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Resilience checklist: 10 steps to improving your community’s resilience

February 16, 2022

By John Malueg

Understand your vulnerabilities and identify actions that will contribute to a sustainable future

Resilience is about making our communities stronger, today and for years to come. It reflects the ability of people, institutions, and systems to endure, adapt, and thrive, regardless of the chronic stresses and acute shocks that can and will occur. As climate change and severe weather events continue to challenge our world, incorporating resilience in all facets of design is more important than ever before.

It’s more than just a tactical line item. Resilience impacts every aspect of a project. It supports thinking about all the stressors that can negatively impact a community. When approaching a project with this mindset—whether it’s a new building, community development initiative, or infrastructure project—it can transform the entire effort into something new. Outcomes from this type of resilience thinking may include new community assets that provide added benefits, such as greenspaces, natural or constructed wetlands, and revitalized or re-envisioned urban corridors.

When beginning your next project, consider these 10 steps towards maximizing its resilience contribution.

Flood control designs for Battery Park in Lower Manhattan aim to protect against sea level rise.

1. Define your boundaries

Having a clear understanding of your project’s goals is essential. Start by defining the physical assets, systems, services, and programs that are critical to supporting your project. Then, define the zone of influence or boundary for each of these. Understanding the boundaries is important to identify solutions and partners to mitigate threats before, during, and after a disaster event. 

For example, when trying to identify potential solutions to mitigate flood risk, your boundary might be a watershed. When considering the vulnerability and risk to a power grid substation, the boundary might be an electrical service area.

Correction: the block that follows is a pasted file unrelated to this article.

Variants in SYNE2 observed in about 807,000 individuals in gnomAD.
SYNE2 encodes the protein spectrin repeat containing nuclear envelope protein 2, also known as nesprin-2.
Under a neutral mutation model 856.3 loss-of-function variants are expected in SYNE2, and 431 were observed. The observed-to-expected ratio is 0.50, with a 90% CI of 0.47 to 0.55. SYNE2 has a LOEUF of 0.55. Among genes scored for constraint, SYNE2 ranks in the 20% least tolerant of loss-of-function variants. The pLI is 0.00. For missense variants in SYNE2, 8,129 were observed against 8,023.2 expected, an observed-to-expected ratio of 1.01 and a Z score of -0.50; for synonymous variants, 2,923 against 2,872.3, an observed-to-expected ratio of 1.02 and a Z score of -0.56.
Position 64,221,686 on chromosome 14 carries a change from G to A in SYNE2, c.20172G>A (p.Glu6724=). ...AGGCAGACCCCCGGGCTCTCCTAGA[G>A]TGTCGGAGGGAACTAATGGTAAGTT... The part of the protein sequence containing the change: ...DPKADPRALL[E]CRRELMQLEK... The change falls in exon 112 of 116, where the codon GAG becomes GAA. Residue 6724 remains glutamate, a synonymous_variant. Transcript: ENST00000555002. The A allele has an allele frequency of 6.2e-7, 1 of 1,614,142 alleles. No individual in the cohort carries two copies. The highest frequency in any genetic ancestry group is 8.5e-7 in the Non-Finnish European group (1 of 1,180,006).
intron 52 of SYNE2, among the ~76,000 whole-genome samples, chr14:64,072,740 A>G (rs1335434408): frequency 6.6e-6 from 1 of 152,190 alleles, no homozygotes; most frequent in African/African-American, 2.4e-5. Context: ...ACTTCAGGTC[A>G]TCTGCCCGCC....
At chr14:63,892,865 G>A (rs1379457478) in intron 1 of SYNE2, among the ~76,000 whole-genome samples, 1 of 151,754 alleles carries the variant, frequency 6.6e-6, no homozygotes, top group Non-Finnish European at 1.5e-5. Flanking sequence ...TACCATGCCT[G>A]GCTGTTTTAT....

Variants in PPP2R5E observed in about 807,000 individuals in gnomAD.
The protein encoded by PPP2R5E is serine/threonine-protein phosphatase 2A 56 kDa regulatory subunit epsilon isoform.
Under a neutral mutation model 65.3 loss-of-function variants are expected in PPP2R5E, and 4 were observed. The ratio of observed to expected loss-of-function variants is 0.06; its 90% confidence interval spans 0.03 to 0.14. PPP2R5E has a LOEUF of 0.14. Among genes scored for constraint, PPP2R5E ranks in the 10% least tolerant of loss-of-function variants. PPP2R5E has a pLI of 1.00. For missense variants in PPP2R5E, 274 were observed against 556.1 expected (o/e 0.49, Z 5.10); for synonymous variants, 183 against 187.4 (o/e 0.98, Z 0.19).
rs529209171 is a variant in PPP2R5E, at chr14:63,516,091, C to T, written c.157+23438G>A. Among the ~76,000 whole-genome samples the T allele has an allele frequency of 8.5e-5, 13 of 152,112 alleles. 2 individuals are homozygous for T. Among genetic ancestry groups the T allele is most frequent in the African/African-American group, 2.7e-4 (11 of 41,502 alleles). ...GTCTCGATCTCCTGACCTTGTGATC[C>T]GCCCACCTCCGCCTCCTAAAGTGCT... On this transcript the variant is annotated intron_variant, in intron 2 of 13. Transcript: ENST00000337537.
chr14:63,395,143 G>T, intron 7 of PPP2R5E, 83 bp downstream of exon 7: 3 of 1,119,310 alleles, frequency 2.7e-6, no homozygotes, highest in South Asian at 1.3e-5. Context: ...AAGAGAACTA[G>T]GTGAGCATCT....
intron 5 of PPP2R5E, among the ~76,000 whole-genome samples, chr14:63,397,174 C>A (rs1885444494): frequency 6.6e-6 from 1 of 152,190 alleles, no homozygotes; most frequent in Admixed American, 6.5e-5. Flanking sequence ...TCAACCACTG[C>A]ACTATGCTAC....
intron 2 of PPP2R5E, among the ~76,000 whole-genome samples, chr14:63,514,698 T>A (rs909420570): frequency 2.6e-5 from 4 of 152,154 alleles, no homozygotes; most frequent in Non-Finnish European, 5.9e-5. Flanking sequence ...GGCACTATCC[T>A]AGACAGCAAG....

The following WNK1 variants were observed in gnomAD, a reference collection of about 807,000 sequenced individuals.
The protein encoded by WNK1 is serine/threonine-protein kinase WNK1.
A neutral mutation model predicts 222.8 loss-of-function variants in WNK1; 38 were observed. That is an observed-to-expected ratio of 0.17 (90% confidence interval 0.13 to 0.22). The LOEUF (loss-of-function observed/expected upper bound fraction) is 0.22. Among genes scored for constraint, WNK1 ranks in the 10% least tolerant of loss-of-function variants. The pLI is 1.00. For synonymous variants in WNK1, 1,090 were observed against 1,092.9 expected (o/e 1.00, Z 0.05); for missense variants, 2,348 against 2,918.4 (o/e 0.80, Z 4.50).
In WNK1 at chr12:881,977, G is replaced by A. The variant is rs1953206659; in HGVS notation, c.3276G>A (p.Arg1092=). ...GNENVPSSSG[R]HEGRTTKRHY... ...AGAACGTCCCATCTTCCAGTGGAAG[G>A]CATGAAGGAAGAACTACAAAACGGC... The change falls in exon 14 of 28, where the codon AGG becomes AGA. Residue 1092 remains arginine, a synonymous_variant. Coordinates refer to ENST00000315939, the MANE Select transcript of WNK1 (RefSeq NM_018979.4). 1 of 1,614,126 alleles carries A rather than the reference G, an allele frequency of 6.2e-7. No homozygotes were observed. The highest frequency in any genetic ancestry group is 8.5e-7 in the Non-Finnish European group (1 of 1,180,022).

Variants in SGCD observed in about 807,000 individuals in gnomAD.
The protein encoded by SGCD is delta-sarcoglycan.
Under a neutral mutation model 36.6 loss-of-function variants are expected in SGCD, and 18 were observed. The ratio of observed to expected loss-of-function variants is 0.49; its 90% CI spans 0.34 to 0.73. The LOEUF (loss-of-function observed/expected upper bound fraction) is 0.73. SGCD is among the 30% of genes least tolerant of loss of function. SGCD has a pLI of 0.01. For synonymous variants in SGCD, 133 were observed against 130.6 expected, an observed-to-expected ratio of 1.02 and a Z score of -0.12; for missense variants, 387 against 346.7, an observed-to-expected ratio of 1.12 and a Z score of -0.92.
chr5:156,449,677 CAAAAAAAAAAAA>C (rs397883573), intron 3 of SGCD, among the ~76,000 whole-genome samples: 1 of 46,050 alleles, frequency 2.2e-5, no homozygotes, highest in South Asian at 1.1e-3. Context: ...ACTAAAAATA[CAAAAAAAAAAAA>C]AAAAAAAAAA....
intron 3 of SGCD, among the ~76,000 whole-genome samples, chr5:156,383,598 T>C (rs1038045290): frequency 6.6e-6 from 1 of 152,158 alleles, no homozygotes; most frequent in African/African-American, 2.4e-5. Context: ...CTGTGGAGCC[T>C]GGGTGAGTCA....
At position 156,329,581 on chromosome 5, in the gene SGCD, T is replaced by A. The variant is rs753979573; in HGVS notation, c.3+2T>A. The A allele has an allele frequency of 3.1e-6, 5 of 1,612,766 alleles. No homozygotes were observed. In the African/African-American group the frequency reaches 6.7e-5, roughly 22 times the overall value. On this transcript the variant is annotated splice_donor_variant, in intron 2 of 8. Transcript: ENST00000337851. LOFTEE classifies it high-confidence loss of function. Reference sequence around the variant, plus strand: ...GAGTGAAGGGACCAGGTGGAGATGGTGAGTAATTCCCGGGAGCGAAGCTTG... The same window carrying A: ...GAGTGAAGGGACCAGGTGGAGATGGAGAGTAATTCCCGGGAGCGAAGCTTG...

2. Select resilience evaluation criteria

Evaluation criteria should consider the “what”, the frequency, and the impact to the project:

  • Defining the “what” includes understanding which natural hazards are a threat to your project’s ability to perform its design function.
  • The frequency of an event is important to understand as you assess your risks over the design life of your project. It is also essential to consider changes in frequency due to climate change and other factors.
  • Finally, you must identify how to measure the impact of an event. Do you simply want to limit analysis to physical damages or those that can be measured by the cost to repair? Or do you want to analyze more holistic impacts? These can include impacts to the economy or environment, as well as impacts to the quality of life of a population including the economic profile of the people.

The bottom line is that identifying the right evaluation criteria is critical to quantifying the benefits and the value of one solution compared to another. Understanding natural hazards that affect a project area is a key part of this evaluation. It’s not enough to plan for today’s conditions, you must build for the future. Sea level rise, soaring temperatures, and the annual increase in extreme weather events will continue to add to the stresses on buildings, infrastructure, and the energy grid.